In Landmark American Insurance Co. v. VO Remarketing Corp, No. 13-1386 (D. Colo. June 13, 2014), [enhanced version available to lexis.com subscribers], a Colorado federal court interpreted the terms “finally delivered” as used in the “auto exclusion” in ISO’s standard CGL policy. More specifically, “finally delivered” is part of the policy’s definition of “loading or unloading,” which is considered “use of an auto” for purposes of the exclusion. Before the court was coverage for bodily injuries sustained when a Stairmaster, while being delivered to a second story loft, cascaded down, ironically, a flight of steps. The issue was this. If the Stairmaster had been “finally delivered,” then it was no longer in the process of “loading or unloading,” so the delivery was no longer considered “use of an auto,” thereby taking it outside of the auto exclusion.
The competing coverage arguments were as follows: The insurer argued that “finally delivered” means the specific location within a home where the item is placed in its final position. “[S]ince the Stairmaster had not yet been placed in Tibbe’s second story loft as directed, the unloading of the Stairmaster had not yet ceased at the time of the Accident, and thus delivery was not complete.” The delivery company-insured argued that “finally delivered” “could reasonably be understood to mean arrival at the home or commercial address where the item is to be turned over to the customer.” The delivery company also argued that “delivery had been completed because the employees ‘had crested the stairs’ to the second story loft at the time of the Accident.” Applying the “complete operation doctrine,” the Colorado federal court held that the auto exclusion applied because the accident occurred before the conclusion of the loading and unloading of the insured vehicle. The insured’s employees still had control of the Stairmaster when the accident occurred.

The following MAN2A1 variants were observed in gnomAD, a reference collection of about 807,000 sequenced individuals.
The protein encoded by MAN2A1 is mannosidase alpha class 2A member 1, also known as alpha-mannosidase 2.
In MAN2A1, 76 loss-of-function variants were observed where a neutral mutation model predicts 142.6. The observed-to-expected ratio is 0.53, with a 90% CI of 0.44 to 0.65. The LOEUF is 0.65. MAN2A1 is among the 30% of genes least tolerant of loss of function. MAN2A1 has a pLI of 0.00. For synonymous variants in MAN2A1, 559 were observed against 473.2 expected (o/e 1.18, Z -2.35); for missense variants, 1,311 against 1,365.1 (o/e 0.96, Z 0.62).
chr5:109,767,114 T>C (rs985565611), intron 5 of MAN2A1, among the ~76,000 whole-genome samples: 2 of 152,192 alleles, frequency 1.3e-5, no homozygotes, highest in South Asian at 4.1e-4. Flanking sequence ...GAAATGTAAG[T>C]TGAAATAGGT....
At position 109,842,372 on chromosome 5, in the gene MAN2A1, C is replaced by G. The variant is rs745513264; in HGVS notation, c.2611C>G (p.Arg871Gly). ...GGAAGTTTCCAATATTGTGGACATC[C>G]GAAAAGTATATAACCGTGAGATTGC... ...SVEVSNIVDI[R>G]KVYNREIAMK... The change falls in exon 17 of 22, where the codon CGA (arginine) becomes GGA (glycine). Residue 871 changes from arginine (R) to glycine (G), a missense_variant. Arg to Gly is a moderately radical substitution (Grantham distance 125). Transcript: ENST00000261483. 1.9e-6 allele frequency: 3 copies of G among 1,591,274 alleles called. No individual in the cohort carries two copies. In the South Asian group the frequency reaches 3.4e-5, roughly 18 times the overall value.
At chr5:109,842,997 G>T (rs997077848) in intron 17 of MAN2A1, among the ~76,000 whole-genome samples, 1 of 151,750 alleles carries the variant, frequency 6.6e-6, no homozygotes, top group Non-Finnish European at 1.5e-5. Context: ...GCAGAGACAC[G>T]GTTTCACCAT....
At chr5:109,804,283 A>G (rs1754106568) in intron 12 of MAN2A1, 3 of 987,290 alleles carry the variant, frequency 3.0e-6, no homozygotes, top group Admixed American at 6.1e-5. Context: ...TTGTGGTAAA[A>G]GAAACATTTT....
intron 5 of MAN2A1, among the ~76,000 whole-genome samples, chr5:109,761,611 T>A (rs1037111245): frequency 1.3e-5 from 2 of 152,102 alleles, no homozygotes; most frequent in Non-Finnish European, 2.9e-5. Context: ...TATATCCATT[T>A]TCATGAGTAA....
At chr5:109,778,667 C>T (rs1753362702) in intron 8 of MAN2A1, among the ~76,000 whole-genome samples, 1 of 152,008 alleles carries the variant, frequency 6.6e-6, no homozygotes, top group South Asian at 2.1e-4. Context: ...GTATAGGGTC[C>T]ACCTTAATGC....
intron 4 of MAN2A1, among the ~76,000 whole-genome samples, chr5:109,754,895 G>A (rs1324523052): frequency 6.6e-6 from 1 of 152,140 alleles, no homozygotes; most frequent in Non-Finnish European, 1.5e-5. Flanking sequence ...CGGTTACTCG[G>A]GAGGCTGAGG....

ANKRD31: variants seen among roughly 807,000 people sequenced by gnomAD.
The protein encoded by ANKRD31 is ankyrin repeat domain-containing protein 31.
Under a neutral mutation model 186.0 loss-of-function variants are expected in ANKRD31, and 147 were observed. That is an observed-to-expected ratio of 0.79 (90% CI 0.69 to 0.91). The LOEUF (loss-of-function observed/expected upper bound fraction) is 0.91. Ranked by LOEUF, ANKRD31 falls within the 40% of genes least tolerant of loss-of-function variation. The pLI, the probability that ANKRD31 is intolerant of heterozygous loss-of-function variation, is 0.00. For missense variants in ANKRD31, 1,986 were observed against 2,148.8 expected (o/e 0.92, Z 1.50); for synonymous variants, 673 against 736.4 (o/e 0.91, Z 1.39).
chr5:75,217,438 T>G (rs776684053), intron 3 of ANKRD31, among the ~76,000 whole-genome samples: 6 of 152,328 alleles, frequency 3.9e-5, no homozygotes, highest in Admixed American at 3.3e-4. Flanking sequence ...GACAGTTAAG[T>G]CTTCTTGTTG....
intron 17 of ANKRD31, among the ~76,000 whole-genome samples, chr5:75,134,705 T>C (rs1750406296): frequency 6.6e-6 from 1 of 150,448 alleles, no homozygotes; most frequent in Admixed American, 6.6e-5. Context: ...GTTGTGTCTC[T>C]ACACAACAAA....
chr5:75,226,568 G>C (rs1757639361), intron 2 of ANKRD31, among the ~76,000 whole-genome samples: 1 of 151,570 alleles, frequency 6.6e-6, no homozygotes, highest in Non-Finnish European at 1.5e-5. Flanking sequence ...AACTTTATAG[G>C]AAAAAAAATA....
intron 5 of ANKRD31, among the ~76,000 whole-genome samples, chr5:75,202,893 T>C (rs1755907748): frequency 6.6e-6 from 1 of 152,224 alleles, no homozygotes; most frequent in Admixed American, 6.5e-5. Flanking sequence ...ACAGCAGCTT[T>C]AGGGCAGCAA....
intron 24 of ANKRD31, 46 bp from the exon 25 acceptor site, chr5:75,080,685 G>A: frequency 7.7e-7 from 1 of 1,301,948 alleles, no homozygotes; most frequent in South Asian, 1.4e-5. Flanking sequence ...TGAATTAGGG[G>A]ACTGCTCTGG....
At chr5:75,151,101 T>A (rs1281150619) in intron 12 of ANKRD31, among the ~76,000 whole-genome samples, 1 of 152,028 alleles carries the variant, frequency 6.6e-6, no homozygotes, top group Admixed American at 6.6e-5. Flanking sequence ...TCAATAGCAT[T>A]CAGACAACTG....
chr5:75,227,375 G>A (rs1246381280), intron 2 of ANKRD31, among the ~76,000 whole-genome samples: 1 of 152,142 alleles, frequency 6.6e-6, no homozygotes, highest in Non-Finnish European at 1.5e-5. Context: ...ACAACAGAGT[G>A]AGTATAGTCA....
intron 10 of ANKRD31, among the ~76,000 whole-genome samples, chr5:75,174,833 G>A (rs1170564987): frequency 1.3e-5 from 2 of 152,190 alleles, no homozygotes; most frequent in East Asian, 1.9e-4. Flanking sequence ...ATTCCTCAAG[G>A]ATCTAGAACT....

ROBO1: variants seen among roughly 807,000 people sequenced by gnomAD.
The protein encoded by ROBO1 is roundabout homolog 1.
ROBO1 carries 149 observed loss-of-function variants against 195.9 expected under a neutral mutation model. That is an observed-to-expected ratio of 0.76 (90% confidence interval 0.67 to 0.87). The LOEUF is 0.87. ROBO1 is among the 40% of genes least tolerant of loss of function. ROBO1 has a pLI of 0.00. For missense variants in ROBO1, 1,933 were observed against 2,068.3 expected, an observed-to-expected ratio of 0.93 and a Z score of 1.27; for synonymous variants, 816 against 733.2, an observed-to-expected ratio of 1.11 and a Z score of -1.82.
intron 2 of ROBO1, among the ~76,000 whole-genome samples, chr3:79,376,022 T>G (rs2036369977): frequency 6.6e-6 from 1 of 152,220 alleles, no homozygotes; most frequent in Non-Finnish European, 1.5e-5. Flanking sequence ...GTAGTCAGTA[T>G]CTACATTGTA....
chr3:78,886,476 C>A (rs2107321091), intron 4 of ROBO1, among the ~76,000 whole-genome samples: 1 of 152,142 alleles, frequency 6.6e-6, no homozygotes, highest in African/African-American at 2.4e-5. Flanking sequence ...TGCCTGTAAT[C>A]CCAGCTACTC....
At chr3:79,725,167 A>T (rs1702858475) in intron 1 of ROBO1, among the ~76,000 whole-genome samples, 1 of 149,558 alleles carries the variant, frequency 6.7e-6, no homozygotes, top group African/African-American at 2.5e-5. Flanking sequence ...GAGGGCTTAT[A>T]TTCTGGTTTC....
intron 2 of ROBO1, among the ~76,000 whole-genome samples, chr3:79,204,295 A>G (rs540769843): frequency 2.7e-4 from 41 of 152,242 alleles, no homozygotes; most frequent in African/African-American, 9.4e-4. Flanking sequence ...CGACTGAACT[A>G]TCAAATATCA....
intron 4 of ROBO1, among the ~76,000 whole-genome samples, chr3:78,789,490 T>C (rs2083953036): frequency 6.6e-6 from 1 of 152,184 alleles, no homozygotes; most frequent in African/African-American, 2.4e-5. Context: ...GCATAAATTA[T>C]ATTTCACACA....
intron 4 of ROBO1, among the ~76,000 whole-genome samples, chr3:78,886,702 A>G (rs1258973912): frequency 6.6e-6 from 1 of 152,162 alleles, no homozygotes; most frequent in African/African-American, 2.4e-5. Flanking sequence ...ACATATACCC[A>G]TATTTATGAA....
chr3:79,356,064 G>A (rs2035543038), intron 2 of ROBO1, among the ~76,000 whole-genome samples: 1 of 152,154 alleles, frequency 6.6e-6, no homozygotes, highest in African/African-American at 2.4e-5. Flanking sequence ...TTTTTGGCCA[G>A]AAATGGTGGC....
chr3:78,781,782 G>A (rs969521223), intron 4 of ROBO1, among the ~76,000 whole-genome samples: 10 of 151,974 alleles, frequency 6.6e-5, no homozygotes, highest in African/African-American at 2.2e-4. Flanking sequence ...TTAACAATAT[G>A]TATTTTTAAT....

“Loading or unloading”-related “auto exclusion” cases arise with some regularity under CGL policies. Such cases often involve disputes between CGL and auto insurers over which is liable for a claim. Given that VO Remarketing involves the interpretation of specific language contained in the industry’s bread and butter CGL policy, it has the potential to serve as future guidance. That makes it worthy of note.
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Randy Maniloff is Counsel at White and Williams, LLP in Philadelphia. He previously served as a firm Partner for seven years and transitioned to a Counsel position to pursue certain writing projects including Coverage Opinions . Nonetheless he still maintains a full-time practice at the firm. Randy concentrates his practice in the representation of insurers in coverage disputes over primary and excess obligations under a host of policies, including commercial general liability and various professional liability policies, such as public official’s, law enforcement, educator’s, media, computer technology, architects and engineers, lawyers, real estate agents, community associations, environmental contractors, Indian tribes and several others. Randy has significant experience in coverage for environmental damage and toxic torts, liquor liability and construction defect, including additional insured and contractual indemnity issues. Randy is co-author of “General Liability Insurance Coverage - Key Issues In Every State” (Oxford University Press, 2nd Edition, 2012). For the past twelve years Randy has published a year-end article that addresses the ten most significant insurance coverage decisions of the year completed.
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